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Lahore Confidential review: Lacklustre espionage thriller hindered by short length and sub-par script

Release Date: 04 Feb 2021 / Rated: U/A / 01hr 08min

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Suyog Zore

The hurried narrative and poorly executed climax ruin what could have been an engaging thriller.

Lahore Confidential is the second film in Zee5 and writer Hussain Zaidi's espionage film franchise after London Confidential (2020).

However, the films differ greatly when it comes to the treatment of their respective subjects. London Confidential was a fast-paced thriller whereas this film is a slow-burn human drama with a little spy work sprinkled here and there. 

In Lahore Confidential, Richa Chadha plays Ananya, an Urdu poetry lover R&AW agent who is sent to Pakistan on a covert intelligence-gathering mission. The agent then meets a charming event organizer Rauf (Arunoday Singh). who shares her love for Urdu poetry. Inadvertently, they fall in love and thus begin a dangerous game of deceit. Ananya's senior colleague Yukti, played by Karishma Tanna, advises her not to let her heart rule her head, but the secret agent is already too far gone.

Arunoday Singh and Richa Chadha 

On paper, Lahore Confidential seems similar to Meghna Gulzar's excellent spy thriller Raazi (2018). In the latter film, an undercover R&AW agent is married into an affluent Pakistani family to extract valuable information. Both films' overriding theme is the human cost of war, compelling viewers to ask uncomfortable questions like whether is it right to always put one's country above everything, including humanity.

But, unlike Raazi, Lahore Confidential fails to portray this complex theme mainly because of its extremely short length. At 68 minutes, the film is too short to explore complex narratives and themes. Vibha Singh's screenplay keeps switching between Ananya and Rauf's romantic subplot and the R&AW's constant efforts to nab the mastermind, but because of the short length, both plots are underdeveloped. The spy work is handled quite amateurishly, which is a big disappointment considering the standard set by the film's predecessor. Singh's screenplay sheds light on how nations engage in one-upmanship at the cost of their devoted soldiers' lives. Even undercover agents have become used to games that are played at the expense of their lives. The film doesn't have any chest-thumping nationalism or any dialoguebaazi about patriotism. Instead, it focuses on the actions of undercover agents. If only the length had been increased, allowing the writers to explore the subject in a more detailed manner.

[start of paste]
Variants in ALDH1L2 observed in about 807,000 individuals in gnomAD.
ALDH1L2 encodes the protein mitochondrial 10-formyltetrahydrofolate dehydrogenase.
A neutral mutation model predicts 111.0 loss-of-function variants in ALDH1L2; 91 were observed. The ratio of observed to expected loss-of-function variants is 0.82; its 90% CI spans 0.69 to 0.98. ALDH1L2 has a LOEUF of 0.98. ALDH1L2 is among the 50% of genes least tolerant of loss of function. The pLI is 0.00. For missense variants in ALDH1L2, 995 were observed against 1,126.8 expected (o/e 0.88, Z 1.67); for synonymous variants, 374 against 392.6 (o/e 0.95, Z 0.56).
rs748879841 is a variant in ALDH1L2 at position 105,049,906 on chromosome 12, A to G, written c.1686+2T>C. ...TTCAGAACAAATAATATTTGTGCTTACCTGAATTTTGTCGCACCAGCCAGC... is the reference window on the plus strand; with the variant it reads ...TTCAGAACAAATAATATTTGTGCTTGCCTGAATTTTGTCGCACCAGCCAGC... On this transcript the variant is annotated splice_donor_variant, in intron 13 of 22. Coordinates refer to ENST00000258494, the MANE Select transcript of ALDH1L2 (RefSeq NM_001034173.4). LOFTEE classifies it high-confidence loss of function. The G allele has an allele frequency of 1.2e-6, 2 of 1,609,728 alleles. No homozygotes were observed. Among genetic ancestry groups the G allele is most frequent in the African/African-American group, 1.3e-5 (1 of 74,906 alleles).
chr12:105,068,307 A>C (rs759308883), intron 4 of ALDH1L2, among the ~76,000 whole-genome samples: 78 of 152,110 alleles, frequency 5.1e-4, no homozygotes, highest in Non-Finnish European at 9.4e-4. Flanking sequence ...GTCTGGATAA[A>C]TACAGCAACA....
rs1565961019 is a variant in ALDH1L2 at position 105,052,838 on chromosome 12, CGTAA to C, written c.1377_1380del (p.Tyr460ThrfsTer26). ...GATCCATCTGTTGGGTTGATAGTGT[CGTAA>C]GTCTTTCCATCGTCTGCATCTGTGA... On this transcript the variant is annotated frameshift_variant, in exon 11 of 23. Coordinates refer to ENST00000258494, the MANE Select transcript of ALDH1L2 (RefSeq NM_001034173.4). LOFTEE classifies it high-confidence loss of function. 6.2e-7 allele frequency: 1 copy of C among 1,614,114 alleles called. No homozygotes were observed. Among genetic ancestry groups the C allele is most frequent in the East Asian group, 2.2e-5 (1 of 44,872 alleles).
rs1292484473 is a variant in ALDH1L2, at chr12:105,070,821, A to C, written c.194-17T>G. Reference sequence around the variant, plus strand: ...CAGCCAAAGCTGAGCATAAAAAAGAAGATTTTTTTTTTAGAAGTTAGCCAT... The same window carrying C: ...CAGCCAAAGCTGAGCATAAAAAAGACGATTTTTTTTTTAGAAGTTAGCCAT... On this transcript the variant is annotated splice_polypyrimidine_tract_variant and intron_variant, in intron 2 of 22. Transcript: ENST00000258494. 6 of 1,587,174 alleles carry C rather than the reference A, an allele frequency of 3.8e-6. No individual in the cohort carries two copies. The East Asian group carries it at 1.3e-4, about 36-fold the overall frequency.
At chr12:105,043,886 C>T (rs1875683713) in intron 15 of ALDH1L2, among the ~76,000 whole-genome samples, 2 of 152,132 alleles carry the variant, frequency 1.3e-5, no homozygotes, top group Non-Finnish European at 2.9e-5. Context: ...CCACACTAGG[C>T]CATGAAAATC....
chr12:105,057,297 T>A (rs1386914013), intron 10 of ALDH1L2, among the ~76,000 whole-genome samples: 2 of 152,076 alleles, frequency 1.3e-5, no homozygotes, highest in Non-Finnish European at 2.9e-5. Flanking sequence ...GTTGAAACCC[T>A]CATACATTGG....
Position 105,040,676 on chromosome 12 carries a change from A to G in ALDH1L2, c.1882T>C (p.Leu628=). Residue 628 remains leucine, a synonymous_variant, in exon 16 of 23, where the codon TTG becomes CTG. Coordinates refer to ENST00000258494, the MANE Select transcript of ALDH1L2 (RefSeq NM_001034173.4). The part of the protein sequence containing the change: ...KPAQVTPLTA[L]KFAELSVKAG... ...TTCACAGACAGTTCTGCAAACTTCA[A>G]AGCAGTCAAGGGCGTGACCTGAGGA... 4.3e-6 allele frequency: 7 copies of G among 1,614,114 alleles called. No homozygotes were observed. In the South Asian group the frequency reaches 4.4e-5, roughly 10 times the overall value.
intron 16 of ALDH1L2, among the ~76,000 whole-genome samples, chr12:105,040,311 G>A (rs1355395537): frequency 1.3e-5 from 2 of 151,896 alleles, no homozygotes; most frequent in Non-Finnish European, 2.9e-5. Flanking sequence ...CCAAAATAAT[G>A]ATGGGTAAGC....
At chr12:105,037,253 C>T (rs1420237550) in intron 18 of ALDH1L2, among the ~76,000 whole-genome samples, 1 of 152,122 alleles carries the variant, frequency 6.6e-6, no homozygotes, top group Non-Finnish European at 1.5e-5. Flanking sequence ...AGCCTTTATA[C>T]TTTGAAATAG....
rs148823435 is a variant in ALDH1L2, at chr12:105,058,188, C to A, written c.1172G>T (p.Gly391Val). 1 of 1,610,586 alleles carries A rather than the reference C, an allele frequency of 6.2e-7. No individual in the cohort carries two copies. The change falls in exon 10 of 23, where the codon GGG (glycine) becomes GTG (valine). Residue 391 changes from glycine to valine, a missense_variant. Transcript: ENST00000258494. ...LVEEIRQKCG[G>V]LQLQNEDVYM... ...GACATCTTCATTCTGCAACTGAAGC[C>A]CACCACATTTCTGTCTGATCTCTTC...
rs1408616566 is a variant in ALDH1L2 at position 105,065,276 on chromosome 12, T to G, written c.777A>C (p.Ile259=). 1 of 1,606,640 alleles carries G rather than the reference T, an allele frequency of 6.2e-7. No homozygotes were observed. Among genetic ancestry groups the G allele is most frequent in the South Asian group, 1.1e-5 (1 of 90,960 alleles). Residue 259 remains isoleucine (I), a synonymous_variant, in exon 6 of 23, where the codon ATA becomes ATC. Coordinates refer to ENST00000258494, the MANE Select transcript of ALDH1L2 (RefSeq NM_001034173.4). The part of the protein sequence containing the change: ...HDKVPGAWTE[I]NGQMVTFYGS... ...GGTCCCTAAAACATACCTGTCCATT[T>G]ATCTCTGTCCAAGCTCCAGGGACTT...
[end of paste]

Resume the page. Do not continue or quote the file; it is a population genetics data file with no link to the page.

Zaidi's writing highlights the rising tension between two rival nations and contemporary international politics. Also, the film is quite predictable especially the climactic twist. In fact, what happens after that twist had a lot more potential and could very well be used to make a separate movie altogether. Kunal Kohli, who is making his digital debut with this film, has done a fairly decent job, which is not a big surprise considering he has already explored the same topic on a much big scale in the Aamir Khan and Kajol film Fanaa (2006).

It's sad to see talented artists like Chadha choosing such sub-par scripts that not only lack novelty but also don't offer anything challenging to actors of her calibre. Throughout the film, the actress wanders around wearing the same expression on her face. Singh and Chadha's chemistry also lacks any spark. Singh does a decent job as a man whose motive is shrouded in mystery.

Overall, Lahore Confidential is a decent espionage drama that squanders its potential because of its short length.

Lahore Confidential is streaming Zee5 from 4 February 2021.

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